Heritage, 2011, Volume 1 Page: 34
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regular Texians, their leaders Jack Hays and Samuel Walker,
and their gargantuan Walker Colt pistols became frequent
newspaper copy. When the war ended, Hays unexpectedly
found himself a national celebrity.
After the war Colonel Hays married Susan Calvert in Se-
guin. But Texas was becoming tame, and the West beck-
oned. In 1849, Hays' fame and familiarity with the Lipan
Apaches won him an appointment as Indian Agent along the
Gila River in Arizona and New Mexico. However, the arid
and hostile land was not to his liking. After a few months,
the Hays family moved to San Francisco and the promising
gold fields of California.
Hardscrabble mining held little appeal to Hays, so he ran
for sheriff of San Francisco County and became a pillar of
the Gold Coast. Some time after his arrival, he became ac-
quainted with painter William Smith Jewett (1812-1873),
newly arrived from New York.
Like Hays, Jewett was young, adventurous, and an early
achiever. He had trained at the prestigious National Acad-
emy of Design, becoming a portrait painter to the rich and
famous. In 1849, he caught California fever and set sail to
make his fortune painting the influential and newly rich.
By 1851, Sheriff Hays was of an age and stature that warranted
preserving his likeness for posterity. Evidently Hays commis-
sioned Jewett to paint his portrait, not as a formal pose but in
the form of a tableau. The painting was briefly mentioned
in the December 8, 1851 issue of the Alta California news-
paper, the same publication that made Mark Twain famous.
In Jewett's work, Captain Jack sits dressed in buckskin on
a mountaintop. A fanciful river with ships is in the back-
ground-probably inspired by Jewett's familiarity with the
Hudson River or the nearby San Francisco Bay. Despite
these inaccuracies, the location that the artist was attempt-
ing to capture is widely thought to be Enchanted Rock near
Fredericksburg. Captain Jack has a rifle in hand and a
Colt pistol nearby. Small figures, which family tradition
identifies as Comanches, are approaching in the distance.
The legend behind the painting holds that, in 1841, Hays
was leading a survey crew or a ranging company near En-
chanted Rock. He was trapped by a party of Comanche
warriors, variously reported as "a few" to more than 100.
Armed with only two pistols and a rifle, Hays managed to
hold them at bay until he was rescued.
Unfortunately, no contemporary accounts of the incident
exist. Some historians have cast doubt that this event hap-
pened, but it seems highly unlikely that Hays, with a sur-
veyor's regard for accuracy, would have commissioned or
sanctioned the painting of an entirely fictional event. The
more likely explanation, as an oral tradition, "Jack Hays at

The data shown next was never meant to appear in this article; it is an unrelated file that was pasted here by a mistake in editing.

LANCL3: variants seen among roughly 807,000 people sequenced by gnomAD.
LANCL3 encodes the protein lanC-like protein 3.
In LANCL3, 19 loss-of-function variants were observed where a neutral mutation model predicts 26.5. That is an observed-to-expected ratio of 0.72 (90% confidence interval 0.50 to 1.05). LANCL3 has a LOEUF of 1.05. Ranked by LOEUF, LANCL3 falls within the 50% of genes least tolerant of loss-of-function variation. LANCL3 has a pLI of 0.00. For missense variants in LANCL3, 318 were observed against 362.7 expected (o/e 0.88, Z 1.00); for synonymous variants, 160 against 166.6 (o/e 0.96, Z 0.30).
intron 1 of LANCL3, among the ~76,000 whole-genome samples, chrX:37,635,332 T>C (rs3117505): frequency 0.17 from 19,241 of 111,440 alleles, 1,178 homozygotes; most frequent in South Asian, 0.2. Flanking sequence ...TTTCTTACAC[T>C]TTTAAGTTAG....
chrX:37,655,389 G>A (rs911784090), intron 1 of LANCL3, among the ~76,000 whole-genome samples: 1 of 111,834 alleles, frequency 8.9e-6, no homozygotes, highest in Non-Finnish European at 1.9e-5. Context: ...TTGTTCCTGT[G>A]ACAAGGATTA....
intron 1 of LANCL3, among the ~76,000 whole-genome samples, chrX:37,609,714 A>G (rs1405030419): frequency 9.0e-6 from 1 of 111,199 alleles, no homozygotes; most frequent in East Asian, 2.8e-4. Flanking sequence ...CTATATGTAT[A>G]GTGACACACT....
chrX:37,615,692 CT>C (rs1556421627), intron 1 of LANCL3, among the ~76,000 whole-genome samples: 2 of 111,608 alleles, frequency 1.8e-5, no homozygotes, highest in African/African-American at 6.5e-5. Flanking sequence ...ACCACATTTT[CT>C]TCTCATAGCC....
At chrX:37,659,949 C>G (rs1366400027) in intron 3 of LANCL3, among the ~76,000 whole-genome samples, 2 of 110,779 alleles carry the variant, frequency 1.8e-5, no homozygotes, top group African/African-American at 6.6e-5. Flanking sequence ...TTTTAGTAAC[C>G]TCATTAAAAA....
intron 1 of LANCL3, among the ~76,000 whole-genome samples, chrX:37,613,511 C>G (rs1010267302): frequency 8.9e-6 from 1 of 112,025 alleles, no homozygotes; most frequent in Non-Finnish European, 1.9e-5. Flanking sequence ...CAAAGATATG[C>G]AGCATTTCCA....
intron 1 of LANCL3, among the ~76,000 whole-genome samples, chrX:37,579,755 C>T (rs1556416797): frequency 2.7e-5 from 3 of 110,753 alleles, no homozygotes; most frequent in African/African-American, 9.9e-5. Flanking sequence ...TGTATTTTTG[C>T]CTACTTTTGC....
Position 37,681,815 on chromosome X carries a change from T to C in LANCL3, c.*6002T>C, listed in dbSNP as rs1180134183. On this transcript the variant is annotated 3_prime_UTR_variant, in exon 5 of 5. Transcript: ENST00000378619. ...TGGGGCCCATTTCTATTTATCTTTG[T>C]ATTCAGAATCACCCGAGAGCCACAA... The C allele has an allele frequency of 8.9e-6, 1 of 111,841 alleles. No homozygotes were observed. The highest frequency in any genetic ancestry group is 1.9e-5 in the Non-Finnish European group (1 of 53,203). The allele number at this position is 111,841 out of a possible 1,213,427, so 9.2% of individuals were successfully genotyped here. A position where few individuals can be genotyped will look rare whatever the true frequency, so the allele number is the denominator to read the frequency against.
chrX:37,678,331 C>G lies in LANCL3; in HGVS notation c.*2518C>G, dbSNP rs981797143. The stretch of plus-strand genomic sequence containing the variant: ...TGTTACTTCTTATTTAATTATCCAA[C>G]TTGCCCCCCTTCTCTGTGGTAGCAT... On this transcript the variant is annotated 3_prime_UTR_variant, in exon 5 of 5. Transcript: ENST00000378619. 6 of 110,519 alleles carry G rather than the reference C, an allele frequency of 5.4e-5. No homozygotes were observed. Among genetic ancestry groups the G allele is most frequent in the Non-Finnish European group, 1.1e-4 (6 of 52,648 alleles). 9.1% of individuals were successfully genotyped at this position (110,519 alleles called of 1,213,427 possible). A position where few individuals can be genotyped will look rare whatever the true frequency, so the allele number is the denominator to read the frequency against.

Enchanted Rock" was enhanced in the telling and retell-
ing. The story had become a canon part of Texas Ranger
lore, and to paraphrase, when fact became legend, Jewett
chose to paint the legend.
Hays kept the painting until his death in 1883, after which
time, it passed to his descendents. Jewett went on to paint
California landscapes and famous personages and in 1869,
he returned to New York where he later died.
Fortunately, chance and exceptional advocacy meant that
the painting would ultimately reside in Texas. Banker and
history enthusiast Bob Thornton of Dallas and wife Vera
were on a bird photography trip around Sisters, Oregon,
in May 1993. A chance meeting introduced them to Ro-
blay McMullin, 88, who was interested to learn that they
were from Texas. On a visit to McMullin's home, the
Thorntons were stunned when she showed them Jewett's
painting of Jack Hays along with a .41 caliber Wesson
rifle matching the one in the painting. McMullin identi-
fied herself as the widow of Jack Hay's grandson.
She was considering the future of the painting, which
had been requested by several California museums be-
cause of its Gold Rush provenance. The Thorntons
gently suggested that, instead, Captain Jack should
return to Texas.
McMullin ultimately decided to donate the painting (and
the gun depicted in it) to the Texas Ranger Hall of Fame
and Museum in Waco on her death. She believed that
"Texans have a good record of honoring their he-
roes." Today, 160 years after it was painted in Cali-
fornia, this historic piece of art belongs to the people
of Texas, thanks to McMullin and the Thorntons. *
Byron A Johnson is director of the Texas Ranger Hall of Fame
and Museum in Waco.
Alta California, San Francisco, CA, December 8, 1851.
James K. Greer, Colonel Jack Hayes: Texas Frontier Leader
and California Builder (New York: Dutton, 1952; rev. ed.,
Waco: Morrison, 1974)
Edan Hughes, Artists in California, 1786-1940 (Sacra-
mento: Crocker Art Museum, 2002)
Oakland Museum of California, California, Art of the
GoldRush exhibit (Oakland: 1998)
Texas Ranger Hall of Fame and Museum, Correspondence
Files: Bob and Vera Thornton and Roblay McMullin, (Waco:
Texas Ranger Research Center, 1993-1996)
Robert Utley, Lone Star Justice: The First Century of the
Texas Rangers (New York: Oxford University Press, 2002)
Frederick Wilkins, The Highly Irregular Irregulars: Texas
Rangers in the Mexican War (Austin: Eakin Press, 1990)
34 TEXAS HERITAGE I Volume 1 2011
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